English edit

Pronunciation edit

  • (UK) IPA(key): /ˈfɹiːz.ɪŋ/
  • (file)
  • Rhymes: -iːzɪŋ

Adjective edit

freezing (comparative more freezing, superlative most freezing)

  1. (literally) Suffering or causing frost
  2. (by extension, chiefly hyperbolic) Very cold
  3. (with above or below) Zero °C, the freezing point of water.
    • 1998, Bruce Jakosky, The Search for Life on Other Planets[1]:
      Despite this, the average temperature at the surface [of Mars] is 50–60K below freezing, making it hard to imagine that any plants or animals could survive.

Synonyms edit

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Noun edit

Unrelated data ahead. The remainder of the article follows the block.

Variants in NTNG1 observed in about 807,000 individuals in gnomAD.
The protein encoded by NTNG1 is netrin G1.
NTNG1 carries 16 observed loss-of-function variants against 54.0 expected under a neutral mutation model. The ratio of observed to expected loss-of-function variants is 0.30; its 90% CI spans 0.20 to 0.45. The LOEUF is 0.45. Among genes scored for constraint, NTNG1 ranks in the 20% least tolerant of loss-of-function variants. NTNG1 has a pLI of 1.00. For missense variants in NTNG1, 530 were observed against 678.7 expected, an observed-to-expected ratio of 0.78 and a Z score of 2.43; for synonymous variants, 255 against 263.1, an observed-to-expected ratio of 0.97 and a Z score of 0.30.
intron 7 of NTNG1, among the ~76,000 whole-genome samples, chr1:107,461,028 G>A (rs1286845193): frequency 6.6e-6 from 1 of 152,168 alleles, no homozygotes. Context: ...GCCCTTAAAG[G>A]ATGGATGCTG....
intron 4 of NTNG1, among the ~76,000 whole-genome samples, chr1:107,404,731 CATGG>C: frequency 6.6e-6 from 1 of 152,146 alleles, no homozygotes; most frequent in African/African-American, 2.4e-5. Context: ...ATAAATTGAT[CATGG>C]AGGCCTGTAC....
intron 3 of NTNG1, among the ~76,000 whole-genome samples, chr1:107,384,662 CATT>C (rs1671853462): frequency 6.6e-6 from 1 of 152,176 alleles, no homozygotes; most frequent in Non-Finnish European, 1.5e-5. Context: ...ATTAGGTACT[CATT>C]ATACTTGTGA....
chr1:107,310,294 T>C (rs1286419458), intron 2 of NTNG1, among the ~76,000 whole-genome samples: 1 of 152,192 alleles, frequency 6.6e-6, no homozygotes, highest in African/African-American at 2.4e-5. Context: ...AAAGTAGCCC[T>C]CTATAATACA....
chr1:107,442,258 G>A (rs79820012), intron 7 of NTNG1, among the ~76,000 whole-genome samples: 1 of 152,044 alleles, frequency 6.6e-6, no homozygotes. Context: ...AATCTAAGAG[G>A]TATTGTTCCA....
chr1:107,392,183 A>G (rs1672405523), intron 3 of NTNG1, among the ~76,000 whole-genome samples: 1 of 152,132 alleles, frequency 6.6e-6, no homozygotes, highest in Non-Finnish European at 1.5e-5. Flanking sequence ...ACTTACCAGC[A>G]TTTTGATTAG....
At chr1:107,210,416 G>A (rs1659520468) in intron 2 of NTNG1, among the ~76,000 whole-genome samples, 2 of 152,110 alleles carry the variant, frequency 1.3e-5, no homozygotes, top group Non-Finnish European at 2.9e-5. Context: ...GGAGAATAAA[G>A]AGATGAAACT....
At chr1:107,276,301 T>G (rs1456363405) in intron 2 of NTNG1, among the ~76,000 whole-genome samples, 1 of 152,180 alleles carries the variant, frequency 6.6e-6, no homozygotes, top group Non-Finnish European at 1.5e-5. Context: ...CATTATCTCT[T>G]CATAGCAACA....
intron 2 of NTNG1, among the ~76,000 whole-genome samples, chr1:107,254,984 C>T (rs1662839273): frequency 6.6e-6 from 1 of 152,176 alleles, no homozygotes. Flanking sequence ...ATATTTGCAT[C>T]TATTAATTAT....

English Wikipedia has an article on:

freezing (countable and uncountable, plural freezings)

  1. (uncountable) The change in state of a substance from liquid to solid by cooling to a critically low temperature.
    • 1829, James Macauley, The natural, statistical, and civil history of the state of New York:
      Hence, there is a succession of thawings and freezings. The former expand, and endeavour to restore the surface of the ground to its natural condition, while the latter contract and harden it.
    • 2015, Kevin Revolinski, 60 Hikes Within 60 Miles: Madison (page 116)
      [] and the sloping collection of fractured rocks—known as talus—that tumbled down from the quartzite bluffs during the repeated freezings and unfreezings of the last Ice Age.
  2. (countable, medicine) The action of numbing with anesthetics.

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Verb edit


  1. present participle and gerund of freeze

Derived terms edit